US Navy to Name Ship After
The Navy has sent congressional notification that it intends to name a
new oiler ship after slain gay rights activist Harvey Milk. The Navy is
declining to comment further until the official naming announcement.
Harvey Milk was a San Francisco politician and gay rights activist. He
was murdered in 1978.
The notification sent July 14 was signed
by Navy Secretary Ray Mabus. News of the commissioning was first
reported by the US Naval Institute News.
Once commissioned, the USNS Harvey Milk would be part of the John
Lewis-class oilers, a class named after Georgia Congressman and civil
rights icon Rep. John Lewis, and Mabus has said this particular class of
vessels would be named after various leaders from the civil rights
Milk, the first openly gay politician from California to be elected to
office, served in the Navy as a dive instructor in San Diego during the
The oiler is a combat logistics ship that replenishes other ships at sea
with fuel and other provisions such as food.
LGBTQ Nation: Navy Ship to Be Named for Harvey Milk
Huffington Post: Navy is Naming Ship After Harvey Milk
CNN: US Navy to Name Ship After Harvey Milk
LGBT Military News Updates
Pentagon Overturns Military's Ban on Trans Troops
Transgender Military Ban Lifted
Senate Confirms First Openly Gay Army Secretary
Gay Military Reports
Message for LGBT Troops from
Secretary of Defense
Secretary of Defense Ash Carter delivered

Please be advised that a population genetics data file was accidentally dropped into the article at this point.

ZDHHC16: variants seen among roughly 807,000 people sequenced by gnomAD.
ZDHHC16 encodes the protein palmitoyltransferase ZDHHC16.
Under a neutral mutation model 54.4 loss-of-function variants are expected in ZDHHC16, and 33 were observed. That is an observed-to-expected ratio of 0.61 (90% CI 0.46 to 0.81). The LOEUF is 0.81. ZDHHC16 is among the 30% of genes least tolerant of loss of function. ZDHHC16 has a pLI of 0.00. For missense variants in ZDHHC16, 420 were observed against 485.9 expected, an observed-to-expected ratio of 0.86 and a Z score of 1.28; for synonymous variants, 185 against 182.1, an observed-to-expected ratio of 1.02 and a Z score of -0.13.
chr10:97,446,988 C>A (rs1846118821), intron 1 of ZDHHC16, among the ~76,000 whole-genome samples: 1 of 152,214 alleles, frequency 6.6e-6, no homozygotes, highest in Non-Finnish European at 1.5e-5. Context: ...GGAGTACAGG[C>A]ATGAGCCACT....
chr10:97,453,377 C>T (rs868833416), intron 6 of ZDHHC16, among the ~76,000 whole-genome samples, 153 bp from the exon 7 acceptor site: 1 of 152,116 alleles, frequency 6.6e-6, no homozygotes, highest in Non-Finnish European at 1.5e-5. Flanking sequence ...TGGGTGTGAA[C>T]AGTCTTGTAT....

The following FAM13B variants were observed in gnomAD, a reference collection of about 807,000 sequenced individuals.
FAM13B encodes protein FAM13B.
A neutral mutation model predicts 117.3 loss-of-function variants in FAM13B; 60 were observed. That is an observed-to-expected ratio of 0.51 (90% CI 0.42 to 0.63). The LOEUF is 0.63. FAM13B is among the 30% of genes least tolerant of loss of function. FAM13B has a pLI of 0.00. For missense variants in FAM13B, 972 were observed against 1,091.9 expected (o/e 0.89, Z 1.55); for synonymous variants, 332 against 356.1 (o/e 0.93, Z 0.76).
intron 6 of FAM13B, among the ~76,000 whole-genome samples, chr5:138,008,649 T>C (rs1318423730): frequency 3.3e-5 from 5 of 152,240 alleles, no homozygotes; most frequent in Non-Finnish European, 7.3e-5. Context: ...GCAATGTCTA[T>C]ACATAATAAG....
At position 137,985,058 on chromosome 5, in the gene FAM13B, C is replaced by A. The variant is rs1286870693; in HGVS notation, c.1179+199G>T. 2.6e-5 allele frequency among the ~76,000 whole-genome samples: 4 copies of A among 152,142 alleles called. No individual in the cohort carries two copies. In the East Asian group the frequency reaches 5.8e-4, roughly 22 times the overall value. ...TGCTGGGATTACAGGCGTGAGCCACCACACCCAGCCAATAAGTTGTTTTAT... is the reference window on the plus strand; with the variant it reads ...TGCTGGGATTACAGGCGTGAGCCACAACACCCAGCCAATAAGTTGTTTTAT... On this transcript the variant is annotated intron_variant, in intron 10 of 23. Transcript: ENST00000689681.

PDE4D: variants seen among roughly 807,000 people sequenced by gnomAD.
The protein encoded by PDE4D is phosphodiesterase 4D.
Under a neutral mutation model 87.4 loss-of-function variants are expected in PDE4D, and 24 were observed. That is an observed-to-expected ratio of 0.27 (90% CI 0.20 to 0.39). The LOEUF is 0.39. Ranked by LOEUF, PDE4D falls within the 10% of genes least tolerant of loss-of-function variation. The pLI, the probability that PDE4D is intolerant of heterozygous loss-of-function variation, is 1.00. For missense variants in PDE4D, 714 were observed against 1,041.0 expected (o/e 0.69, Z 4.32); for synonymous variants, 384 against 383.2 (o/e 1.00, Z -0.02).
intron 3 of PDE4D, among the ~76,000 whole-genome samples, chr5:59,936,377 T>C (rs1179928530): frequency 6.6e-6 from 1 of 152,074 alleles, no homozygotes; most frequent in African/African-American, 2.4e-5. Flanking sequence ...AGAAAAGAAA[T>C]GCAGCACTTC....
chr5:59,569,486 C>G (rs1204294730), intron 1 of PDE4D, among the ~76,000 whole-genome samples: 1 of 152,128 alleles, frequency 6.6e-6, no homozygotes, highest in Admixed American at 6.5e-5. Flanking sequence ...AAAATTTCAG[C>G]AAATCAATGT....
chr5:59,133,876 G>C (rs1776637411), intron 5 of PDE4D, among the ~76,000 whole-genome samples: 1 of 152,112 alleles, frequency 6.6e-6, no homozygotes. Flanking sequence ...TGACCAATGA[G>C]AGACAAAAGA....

this LGBT Pride Month message on June 7, 2016:
This month is Lesbian, Gay, Bisexual, and Transgender Pride Month, an
occasion that brings the LGBT community together with their family,
friends, and allies to take pride in themselves and their many
achievements. The Department of Defense recognizes Lesbian, Gay,
Bisexual, and Transgender servicemembers and civilians for their
dedicated service to the Department and the nation.
Throughout our history, brave LGBT soldiers, sailors, airmen, Coast
Guardsmen, and Marines have served and fought for our nation. Their
readiness and willingness to serve has made our military stronger and
our nation safer. We continue to take great pride in all that these men
and women contribute to the Department and our mission. Their hard work,
courage, and sacrifices make them respected members of our diverse DoD
Through their service these Americans help ensure that we as a force
embody the values we’re sworn to uphold. And that our republic, born